T.M. Shine: the fast yank is definitely better.
Boston, Mass.: My giant non-profit employer has used the following tactics for layoffs:
shut off employee access badges without warning, so they have had to call for help to get into the building. Once in, they were asked to come to a conference room -- en masse. One room held retained employees, the other, those being let go. Same organization cut off computer access so that employees were calling the IT help desk when their bosses eventually peeked over their cubicles to ask them to come for a 15 minute meeting and "please bring your purse". The latter is now used all through the company --"I've got a meeting with HR, and they want me to bring my purse". Your article has made it to the women's room mirror, a place of honor. Great writing. Thanks!
T.M. Shine: i've never written much sports so i was always jealous when i saw the sports pages over urinals in bars. so to have a story in the ladies room is about as glorious as it gets. maybe we should end this discussion right now while i have something to celebrate!
p.s. can you send me a photo of it? your reflection optional.
D.C.: Clamato and Bud gets a bad rap in your story. I find the combo delicious. Please explain your inflammatory comment.
T.M. Shine: maybe it was just my mood that day.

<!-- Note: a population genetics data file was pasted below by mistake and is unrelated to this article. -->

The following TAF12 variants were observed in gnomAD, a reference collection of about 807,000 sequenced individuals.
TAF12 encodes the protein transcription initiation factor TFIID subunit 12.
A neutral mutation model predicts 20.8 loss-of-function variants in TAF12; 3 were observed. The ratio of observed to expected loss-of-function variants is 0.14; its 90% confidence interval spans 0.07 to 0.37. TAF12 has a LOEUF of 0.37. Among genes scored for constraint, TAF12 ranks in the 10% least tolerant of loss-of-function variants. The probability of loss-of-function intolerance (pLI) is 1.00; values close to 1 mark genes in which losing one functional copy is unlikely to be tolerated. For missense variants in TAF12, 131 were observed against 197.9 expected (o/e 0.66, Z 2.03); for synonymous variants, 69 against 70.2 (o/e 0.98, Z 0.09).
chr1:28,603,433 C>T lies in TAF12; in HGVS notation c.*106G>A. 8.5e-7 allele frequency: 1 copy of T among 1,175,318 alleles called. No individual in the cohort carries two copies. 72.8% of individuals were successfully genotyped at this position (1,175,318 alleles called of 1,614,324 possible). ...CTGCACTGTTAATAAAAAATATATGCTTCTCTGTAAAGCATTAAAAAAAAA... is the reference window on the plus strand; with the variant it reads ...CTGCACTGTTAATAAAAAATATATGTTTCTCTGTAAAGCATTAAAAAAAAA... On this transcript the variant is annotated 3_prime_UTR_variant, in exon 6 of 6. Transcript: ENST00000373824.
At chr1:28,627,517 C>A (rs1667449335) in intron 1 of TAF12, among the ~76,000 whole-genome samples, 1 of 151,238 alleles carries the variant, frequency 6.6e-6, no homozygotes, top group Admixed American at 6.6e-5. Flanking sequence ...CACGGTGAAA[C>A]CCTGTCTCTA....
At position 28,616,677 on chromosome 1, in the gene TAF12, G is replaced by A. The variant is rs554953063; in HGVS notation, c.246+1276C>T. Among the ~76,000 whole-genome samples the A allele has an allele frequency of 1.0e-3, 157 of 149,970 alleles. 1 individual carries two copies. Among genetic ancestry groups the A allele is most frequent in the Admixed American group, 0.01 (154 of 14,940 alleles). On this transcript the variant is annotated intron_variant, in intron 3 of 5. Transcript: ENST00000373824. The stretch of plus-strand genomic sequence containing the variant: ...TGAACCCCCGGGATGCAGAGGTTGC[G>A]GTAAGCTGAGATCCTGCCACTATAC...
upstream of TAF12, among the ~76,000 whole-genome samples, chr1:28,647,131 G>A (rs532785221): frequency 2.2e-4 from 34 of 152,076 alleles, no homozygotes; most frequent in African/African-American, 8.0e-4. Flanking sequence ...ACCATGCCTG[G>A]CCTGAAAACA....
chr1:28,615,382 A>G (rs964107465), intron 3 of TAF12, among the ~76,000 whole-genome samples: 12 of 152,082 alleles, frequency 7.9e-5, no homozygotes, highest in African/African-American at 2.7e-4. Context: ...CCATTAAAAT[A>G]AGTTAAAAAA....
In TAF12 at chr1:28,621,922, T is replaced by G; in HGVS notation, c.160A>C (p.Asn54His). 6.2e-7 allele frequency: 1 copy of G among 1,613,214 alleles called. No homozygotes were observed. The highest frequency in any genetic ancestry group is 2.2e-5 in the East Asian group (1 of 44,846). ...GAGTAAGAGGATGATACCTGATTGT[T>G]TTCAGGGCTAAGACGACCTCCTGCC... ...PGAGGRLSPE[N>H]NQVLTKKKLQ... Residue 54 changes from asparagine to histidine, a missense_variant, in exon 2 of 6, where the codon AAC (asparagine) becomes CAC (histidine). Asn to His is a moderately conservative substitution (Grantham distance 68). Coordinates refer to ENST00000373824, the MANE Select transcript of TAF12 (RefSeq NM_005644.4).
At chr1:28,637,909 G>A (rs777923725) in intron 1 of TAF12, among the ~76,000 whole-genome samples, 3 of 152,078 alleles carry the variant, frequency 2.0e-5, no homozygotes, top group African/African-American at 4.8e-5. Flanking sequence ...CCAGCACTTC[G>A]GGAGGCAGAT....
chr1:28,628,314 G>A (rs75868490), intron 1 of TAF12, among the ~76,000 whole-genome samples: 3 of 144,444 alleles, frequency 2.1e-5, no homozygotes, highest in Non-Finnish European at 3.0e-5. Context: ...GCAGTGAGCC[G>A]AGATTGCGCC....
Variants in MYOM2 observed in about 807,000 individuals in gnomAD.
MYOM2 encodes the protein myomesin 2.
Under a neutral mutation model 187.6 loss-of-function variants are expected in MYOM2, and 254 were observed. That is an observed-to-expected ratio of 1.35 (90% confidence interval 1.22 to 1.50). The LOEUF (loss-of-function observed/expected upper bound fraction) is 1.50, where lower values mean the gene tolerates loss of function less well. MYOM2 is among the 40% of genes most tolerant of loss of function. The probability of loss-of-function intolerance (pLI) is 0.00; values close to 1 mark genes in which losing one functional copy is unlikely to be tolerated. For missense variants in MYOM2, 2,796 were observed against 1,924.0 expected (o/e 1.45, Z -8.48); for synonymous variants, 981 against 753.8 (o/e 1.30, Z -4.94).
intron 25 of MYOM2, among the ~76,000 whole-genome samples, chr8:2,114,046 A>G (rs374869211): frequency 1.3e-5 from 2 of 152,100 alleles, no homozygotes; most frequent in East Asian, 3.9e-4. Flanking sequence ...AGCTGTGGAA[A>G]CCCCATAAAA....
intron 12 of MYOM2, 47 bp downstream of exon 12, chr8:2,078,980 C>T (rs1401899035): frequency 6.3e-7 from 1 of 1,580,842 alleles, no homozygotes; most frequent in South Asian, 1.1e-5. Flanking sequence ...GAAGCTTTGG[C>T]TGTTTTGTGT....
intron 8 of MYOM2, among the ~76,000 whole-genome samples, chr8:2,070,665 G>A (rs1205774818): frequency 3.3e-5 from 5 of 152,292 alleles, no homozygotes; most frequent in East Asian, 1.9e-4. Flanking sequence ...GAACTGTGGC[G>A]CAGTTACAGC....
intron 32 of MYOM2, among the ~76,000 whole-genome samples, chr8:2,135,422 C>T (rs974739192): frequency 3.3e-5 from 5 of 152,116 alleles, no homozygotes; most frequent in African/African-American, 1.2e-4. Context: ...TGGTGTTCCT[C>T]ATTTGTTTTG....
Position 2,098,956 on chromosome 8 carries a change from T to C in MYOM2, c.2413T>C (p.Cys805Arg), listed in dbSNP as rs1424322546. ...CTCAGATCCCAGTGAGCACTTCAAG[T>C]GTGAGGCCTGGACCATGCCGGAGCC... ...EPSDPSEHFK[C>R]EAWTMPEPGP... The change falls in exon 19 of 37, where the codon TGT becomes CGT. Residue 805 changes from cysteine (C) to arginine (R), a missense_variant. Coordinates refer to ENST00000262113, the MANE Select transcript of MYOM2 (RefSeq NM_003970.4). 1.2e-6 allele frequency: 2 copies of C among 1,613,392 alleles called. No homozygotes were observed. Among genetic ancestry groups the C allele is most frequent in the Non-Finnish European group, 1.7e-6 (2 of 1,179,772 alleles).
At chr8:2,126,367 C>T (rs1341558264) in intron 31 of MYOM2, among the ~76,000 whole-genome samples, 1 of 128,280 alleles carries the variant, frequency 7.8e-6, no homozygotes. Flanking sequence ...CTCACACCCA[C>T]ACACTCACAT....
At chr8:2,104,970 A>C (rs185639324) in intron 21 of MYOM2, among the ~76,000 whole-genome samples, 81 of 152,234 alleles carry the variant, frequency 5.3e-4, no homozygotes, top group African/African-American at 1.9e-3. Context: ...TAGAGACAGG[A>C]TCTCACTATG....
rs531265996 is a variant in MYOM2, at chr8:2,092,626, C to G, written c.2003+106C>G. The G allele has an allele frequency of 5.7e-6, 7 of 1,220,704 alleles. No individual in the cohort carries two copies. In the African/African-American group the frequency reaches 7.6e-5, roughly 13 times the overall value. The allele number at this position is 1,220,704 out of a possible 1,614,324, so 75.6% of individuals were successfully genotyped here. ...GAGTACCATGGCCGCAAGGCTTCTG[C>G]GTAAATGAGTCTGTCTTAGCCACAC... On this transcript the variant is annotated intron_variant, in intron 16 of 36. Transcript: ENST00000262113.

check my blog for a deleted scene that has more on the chelada...
Del Boca Vista, Fla.: Before you sell your house, I think you should do a "Shine reality tour" a la Kramer. I know several people who would pay to see your pantry full of tuna kits.
T.M. Shine: you know, i've stopped even putting the tuna kits together. it just got too complicated.
Freising, Germany: I'd once heard the story of a guy, who after over thirty years at his company, was given the "Golden Handshake" by the boss. Then the boss asked him to leave quietly without telling any of his employees so as not to disrupt them, and that he could clean out his desk on the weekend when no one was around. Oh yes, the boss also thanked him for his help and cooperation over the years.
In Germany, work relationships are often considered to be Zweckgemeinschaften (partnerships of convenience), but its still despicable to tell employees not to talk to a recently fired employee or tell a recently fired manager not to talk to his former colleagues and employees, don't you think?
T.M. Shine: lets end with a "golden handshake." thanks everybody. the flexi-straws are in the mail. be sure to e-mail me any questions i haven't answered. peace, tms
Editor's Note: washingtonpost.com moderators retain editorial control over Discussions and choose the most relevant questions for guests and hosts; guests and hosts can decline to answer questions. washingtonpost.com is not responsible for any content posted by third parties.